Self-treatment method developed with sciatica

I learned from experienceing massage paradox

My lower back pain was cured, but this time I got sciatica. I always work in a half-standing position, so I had pain from my buttocks to the back of my thighs.

When I palpated myself, I found that there was stiffness deep in the muscle and it was difficult to reach.  So, I put a small wooden pestle on the wall and put my weight on it.

This method penetrates deeply and was

very effective.

A few minutes of pressure relieved the pain and it felt good. But after a while it hurt again, so I repeated the process.  The pain became unbearable during a business trip so I pressed the hotel clothing brush against it. However, this was not ideal. No matter how hard I tried, it didn't cure. The pain soon returned.

"The Massage paradox" The more you massage it, the harder it gets.  

One day, I had my apprentice treat my back and he said, "The surface stiffness is soft but in deep it’s hard." Pressing the stiffness with a wooden stick only made the nerves insensitive by mechanical stimulation, and the stiffness became more fibrous. Some of the patients repeatedly pressed themselves with a tennis ball and came back to my clinic because their back pain did not relieve. They also had a hard stiffness.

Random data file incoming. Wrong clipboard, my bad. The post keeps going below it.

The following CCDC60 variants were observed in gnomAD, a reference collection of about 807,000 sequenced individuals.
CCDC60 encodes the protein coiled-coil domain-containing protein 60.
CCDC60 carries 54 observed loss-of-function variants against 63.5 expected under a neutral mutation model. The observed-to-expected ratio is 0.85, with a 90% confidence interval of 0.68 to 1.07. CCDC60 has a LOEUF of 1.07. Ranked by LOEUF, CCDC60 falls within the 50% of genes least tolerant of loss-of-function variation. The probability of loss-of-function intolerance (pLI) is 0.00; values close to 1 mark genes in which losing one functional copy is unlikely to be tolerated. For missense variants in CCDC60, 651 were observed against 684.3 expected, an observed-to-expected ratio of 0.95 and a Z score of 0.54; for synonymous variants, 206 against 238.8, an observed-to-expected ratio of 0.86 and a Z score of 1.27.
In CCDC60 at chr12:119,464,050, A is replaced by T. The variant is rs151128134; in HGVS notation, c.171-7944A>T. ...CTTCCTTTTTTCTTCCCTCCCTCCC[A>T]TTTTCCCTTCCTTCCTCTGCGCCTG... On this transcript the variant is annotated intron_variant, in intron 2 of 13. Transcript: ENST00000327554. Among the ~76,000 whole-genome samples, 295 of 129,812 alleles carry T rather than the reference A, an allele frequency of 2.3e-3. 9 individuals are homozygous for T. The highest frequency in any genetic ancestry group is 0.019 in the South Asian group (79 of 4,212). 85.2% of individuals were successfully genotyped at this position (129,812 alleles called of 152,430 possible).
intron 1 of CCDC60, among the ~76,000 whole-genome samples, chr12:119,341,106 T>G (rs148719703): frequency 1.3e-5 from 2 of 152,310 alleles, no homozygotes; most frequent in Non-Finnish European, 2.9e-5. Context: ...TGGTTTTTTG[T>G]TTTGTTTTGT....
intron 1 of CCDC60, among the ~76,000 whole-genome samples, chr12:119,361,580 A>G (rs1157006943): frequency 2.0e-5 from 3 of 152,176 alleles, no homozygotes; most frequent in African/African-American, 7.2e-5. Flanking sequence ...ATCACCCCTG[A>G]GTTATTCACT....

This is known as "Anma-Tako (Anma mean Japanese traditional massage, Tako mean stiffnes." or "pressing or rubbing", the body becomes hard due to the natural defense reaction. In other words, if you "push or rub hard", the body's defense reaction will make it even harder.


This is not a cure. It only destroys the tissue and fibers to make it less painful.  It can't be cured unless we do "Jiwa-pa" gently with the softness of our fingertips. So, I devised a method where I could reach the deep part of the muscle. I realized that if I did it well, I could reach the deepest part with my fingers. Now it doesn't hurt at all and there is no recurrence. After discovering this method to heal myself, I'm now teaching it to others.